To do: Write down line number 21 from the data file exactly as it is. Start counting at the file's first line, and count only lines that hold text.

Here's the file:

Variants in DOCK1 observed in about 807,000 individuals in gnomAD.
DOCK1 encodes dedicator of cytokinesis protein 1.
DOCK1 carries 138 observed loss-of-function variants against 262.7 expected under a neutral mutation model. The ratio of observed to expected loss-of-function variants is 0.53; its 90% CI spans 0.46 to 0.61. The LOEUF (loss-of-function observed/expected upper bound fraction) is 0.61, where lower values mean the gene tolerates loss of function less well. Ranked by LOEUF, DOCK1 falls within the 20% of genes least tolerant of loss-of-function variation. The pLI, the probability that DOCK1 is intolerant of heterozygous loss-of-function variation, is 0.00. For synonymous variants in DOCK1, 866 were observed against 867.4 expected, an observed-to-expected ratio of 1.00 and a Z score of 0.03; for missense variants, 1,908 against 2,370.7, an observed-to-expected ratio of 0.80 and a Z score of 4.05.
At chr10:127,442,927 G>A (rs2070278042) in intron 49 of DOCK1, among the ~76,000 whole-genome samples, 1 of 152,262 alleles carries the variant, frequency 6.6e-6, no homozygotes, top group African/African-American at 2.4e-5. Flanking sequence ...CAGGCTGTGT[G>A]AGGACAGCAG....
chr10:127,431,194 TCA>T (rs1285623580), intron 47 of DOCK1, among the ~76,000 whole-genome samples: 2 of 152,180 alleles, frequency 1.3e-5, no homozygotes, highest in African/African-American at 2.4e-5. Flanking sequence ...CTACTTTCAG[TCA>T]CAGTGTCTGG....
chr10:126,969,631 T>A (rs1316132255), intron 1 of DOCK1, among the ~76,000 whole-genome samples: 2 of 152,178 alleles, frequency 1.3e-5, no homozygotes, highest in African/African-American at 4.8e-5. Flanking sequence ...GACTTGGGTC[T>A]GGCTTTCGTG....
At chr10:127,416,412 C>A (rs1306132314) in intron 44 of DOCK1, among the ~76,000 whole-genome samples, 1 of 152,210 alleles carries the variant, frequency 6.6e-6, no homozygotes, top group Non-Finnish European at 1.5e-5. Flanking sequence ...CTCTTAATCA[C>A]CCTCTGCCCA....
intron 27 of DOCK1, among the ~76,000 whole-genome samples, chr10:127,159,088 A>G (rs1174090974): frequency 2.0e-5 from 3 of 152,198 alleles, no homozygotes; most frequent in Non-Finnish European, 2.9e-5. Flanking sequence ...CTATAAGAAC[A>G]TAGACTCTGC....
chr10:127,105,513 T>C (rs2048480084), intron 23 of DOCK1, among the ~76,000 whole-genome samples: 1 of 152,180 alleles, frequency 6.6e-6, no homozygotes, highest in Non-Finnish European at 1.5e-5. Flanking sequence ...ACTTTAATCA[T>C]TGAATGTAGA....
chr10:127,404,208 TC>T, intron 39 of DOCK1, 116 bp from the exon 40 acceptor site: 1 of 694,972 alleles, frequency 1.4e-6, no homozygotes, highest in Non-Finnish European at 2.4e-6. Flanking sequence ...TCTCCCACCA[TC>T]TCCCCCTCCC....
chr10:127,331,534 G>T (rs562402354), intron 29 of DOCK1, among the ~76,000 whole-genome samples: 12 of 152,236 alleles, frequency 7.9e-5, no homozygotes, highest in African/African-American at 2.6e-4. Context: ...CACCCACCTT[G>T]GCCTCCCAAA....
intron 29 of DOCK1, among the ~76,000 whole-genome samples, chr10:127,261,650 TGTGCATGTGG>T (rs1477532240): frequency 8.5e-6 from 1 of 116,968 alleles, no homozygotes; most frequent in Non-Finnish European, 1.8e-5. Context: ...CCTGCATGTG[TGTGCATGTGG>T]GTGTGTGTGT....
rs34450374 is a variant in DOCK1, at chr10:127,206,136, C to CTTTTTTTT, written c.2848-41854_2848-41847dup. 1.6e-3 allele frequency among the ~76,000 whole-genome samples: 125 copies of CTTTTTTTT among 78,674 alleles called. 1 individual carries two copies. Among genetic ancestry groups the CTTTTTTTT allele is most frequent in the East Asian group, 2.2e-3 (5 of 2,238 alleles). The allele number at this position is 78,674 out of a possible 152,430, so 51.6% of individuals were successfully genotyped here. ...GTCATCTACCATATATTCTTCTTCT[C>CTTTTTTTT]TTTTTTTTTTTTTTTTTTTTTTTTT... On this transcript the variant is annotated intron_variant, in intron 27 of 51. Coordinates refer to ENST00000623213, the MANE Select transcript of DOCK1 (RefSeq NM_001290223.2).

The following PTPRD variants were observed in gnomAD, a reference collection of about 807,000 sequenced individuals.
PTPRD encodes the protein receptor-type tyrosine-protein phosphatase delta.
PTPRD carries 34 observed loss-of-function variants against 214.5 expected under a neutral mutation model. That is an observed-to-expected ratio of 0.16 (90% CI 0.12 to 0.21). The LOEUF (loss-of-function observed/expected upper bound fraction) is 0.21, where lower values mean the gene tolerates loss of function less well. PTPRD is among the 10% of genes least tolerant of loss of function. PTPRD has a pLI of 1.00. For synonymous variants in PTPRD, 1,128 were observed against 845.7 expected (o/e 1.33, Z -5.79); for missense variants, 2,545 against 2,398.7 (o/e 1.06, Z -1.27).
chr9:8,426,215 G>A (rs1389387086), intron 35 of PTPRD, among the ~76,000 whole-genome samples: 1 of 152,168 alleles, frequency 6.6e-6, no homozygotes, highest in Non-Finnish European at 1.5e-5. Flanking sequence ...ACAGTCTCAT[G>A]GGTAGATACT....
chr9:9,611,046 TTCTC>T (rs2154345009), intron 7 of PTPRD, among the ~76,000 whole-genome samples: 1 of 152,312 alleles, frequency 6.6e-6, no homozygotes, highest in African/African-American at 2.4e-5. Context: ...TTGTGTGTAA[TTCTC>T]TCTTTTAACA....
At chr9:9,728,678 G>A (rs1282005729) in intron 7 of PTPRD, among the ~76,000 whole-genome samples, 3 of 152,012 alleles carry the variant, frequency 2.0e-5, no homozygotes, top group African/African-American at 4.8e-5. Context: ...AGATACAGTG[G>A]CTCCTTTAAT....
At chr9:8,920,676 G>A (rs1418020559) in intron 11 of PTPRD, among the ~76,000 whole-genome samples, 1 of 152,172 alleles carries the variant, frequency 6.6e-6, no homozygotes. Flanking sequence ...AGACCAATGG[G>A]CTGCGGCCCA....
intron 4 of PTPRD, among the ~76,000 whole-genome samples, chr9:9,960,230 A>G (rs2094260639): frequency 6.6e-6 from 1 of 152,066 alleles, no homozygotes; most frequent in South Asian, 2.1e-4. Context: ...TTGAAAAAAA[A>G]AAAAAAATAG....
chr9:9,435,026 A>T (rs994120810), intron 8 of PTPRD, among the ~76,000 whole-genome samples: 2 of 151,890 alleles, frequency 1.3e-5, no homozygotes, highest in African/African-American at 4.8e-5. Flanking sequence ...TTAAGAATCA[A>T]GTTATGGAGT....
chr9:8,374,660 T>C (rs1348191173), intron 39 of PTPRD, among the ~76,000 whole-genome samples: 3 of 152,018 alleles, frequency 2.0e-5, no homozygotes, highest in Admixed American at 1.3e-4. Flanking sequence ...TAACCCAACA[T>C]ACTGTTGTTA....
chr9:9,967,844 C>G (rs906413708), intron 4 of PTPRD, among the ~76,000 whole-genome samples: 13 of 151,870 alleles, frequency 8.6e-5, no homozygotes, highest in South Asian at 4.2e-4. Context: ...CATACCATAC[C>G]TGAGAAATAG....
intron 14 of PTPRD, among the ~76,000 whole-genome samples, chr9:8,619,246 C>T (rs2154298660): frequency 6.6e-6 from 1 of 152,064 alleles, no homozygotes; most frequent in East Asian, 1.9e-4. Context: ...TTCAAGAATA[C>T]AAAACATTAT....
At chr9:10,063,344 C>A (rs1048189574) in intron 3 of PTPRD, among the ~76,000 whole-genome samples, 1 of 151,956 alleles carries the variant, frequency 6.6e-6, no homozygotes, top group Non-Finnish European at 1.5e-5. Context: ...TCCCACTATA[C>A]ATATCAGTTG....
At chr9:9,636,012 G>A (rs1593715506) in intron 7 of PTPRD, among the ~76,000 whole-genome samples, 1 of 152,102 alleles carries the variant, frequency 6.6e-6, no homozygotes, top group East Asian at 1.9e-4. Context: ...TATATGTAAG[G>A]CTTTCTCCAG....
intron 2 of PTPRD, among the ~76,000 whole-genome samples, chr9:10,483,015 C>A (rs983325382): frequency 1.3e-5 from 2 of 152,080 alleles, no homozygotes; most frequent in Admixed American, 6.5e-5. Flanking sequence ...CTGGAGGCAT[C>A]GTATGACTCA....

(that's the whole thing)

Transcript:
intron 4 of PTPRD, among the ~76,000 whole-genome samples, chr9:9,960,230 A>G (rs2094260639): frequency 6.6e-6 from 1 of 152,066 alleles, no homozygotes; most frequent in South Asian, 2.1e-4. Context: ...TTGAAAAAAA[A>G]AAAAAAATAG....